German Records in the RGIA St. Petersburg
Rossiiskii Gosudarstvennyi Istoricheskii Arkhiv
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The Russian State Historic Archive (RGIA) in St. Petersburg is one of the largest archives in the world and contains many of the records of prerevolutionary Russia. Many Germans did business or worked in Tsarist Russia, were included in Russia because of boundary changes or emigrated to Russia as colonists. The following types of records regarding Germans are kept by the RGIA and can be accessed through the Russian Baltic Information Center - Blitz:
The RGIA has some 300 "Metrical" books of birth, marriage and death records for various Lutheran, Catholic and Protestant parishes. These Metrical books cover the years 1832-1892 and are transcriptions of the actual parish records of the local non-orthodox churches which were required to be sent to St. Petersburg each year.
Unfortunately the collection is not complete and the records for some parishes and some years are missing. The Metrical books are organized by year and are very difficult to search. A successful search the Metrical books requires a knowledge of the year and name of the parish.
The RGIA has records of the "Department of the Changing of Religion". These are records of people who converted to the Russian Orthodox faith. In the case of mixed marriages the children were required to be christened into the Orthodox church.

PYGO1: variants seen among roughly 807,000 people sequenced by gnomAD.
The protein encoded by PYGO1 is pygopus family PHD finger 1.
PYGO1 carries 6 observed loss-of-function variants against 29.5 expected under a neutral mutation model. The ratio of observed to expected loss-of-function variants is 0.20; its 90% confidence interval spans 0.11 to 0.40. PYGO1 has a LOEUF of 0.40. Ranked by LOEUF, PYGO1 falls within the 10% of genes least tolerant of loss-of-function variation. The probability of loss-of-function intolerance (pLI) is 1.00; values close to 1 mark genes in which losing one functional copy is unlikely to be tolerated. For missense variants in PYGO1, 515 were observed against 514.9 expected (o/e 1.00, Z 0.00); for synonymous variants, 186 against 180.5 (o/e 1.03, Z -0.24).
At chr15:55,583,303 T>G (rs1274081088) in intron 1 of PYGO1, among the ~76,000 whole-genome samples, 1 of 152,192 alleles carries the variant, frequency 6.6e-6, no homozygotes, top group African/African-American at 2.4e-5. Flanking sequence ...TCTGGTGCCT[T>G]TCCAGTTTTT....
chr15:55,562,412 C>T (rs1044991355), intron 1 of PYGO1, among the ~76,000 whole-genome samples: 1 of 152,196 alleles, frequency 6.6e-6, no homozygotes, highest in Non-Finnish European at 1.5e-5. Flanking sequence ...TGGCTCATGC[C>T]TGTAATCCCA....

Passenger lists for steamship companies which transported German colonists to Russia, lists of detachments of colonists arriving from Germany and records of the condition of German colonies in Russia are kept in the RGIA. This large complex of documents includes lists of colonists in the Volga area around 1796.
The RGIA has genealogy materials concerning German families in Ostzeja (the Baltic countries) including a collection of coats of arms. These records document the conferring of Russian noblity and the granting permission to use a title granted by Germany when Germans changed their citizenship.
The RGIA has a large collection of "Service lists". A service list usually contains a great deal of genealogy information including birth, place of origin, education, family, work, etc. Included are service lists of Germans who, in the 18th and 19th centuries, were enlisted to work in the Russian government.
Service lists of German scientists are kept in the Russian Academy of Sciences and service lists for men of letters and artists are kept in the Russian State Archives of Literature and Art in Moscow. Military service lists are kept in the Russian State Military Archive in Moscow and in the Russian State Naval Archives in St. Petersburg.
Documents concerning German stock companies operating in the Russian Empire, societies, schools, suppliers of the Emperor's court are kept in the RGIA.
The RGIA has a large collection of maps of many of the towns and villages of the Russian Empire. Sometimes the maps even have a directory to the buildings shown.
In addition the RGIA contains a large group of private fonds, containing service records and private correspondence. When the banks were nationalized after the revolution the contents of the bank vaults sometimes ended up in the RGIA.
The Russian Baltic Information Center - Blitz conducts genealogy searches using the records of the RGIA as well as other archives of St. Petersburg and Moscow and former republics of the USSR. Blitz provides reports of its findings together with references to the archival documents, xerox copies of archival documents including coats of arms and translations into English.
Blitz will provide a preliminary genealogy search in the Russian State Historic Archives in St. Petersburg for US $80.00 At the conclusion of the preliminary genealogy search we will be able to give you our assessment as the the existience of records of your family and the direction of further research.
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Russian Baltic Information Center - Blitz
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